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Political crisis in Ivory Coast

The two candidates in Ivory Coast's disputed presidential election have both taken oaths of office after each claimed victory as the political crisis spiralled out of control.

Incumbent president Laurent Gbagbo defied calls from the US, France and the United Nations to concede defeat, wrapping himself in the Ivorian flag as he was sworn in for another term.

Hours later, opposition candidate Alassane Ouattara announced that he too had taken his own oath.

The developments leave Ivory Coast with two men who both claim to be president, further inflaming the political chaos in the West African nation whose once-prosperous economy was destroyed by the brief 2002-2003 civil war.

US President Barack Obama and French President Nicolas Sarkozy said Mr Ouattara is the rightful winner and that his victory must be acknowledged. The top UN official in Ivory Coast is also standing by results released on Thursday by the country's election commission that put Mr Ouattara ahead.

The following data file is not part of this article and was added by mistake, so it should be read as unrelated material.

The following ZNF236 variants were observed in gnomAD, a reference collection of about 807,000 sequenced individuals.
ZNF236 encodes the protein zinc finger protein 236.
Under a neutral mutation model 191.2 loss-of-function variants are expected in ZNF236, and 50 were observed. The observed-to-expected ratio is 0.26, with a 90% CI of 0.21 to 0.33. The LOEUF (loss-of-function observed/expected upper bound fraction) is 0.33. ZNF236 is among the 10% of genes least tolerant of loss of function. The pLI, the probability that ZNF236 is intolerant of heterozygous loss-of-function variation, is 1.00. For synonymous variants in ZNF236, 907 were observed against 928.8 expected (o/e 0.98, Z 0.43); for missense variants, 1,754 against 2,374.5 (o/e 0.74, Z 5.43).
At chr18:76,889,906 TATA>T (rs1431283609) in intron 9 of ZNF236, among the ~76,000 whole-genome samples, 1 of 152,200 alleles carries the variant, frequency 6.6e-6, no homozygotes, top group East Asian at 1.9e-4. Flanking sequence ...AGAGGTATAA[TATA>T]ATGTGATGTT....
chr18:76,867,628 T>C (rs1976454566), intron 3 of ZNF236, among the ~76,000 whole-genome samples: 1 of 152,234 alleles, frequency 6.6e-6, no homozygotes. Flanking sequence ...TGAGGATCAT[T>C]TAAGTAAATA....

Prime Minister Guillaume Soro, a former rebel leader who had served in a unity government with Mr Gbagbo since a 2007 peace deal, said today he was backing Mr Ouattara, who is wildly popular in the formerly rebel-held north. Mr Ouattara said his first act as president was to reappoint Mr Soro.

"These last days have been difficult but I can tell you now that Ivory Coast is in good hands," Mr Ouattara said just hours after Mr Gbagbo held his inauguration ceremony at the presidential palace.

At his swearing-in, Mr Gbagbo renewed allegations that his supporters had been intimidated in the north, repeating the rationale used by the country's constitutional council to throw out half a million ballots that were cast in Ouattara strongholds.

"You think that you can cheat, stuff ballot boxes and intimidate voters and that the other side won't see what is going on," Mr Gbagbo said.

Ivory Coast's long-awaited presidential election was meant to restore stability in what was once one of the most affluent countries in Africa. Instead, the election has cast a growing shadow as the country now faces two political rivals who each claim to be leading the country.


From Belfast Telegraph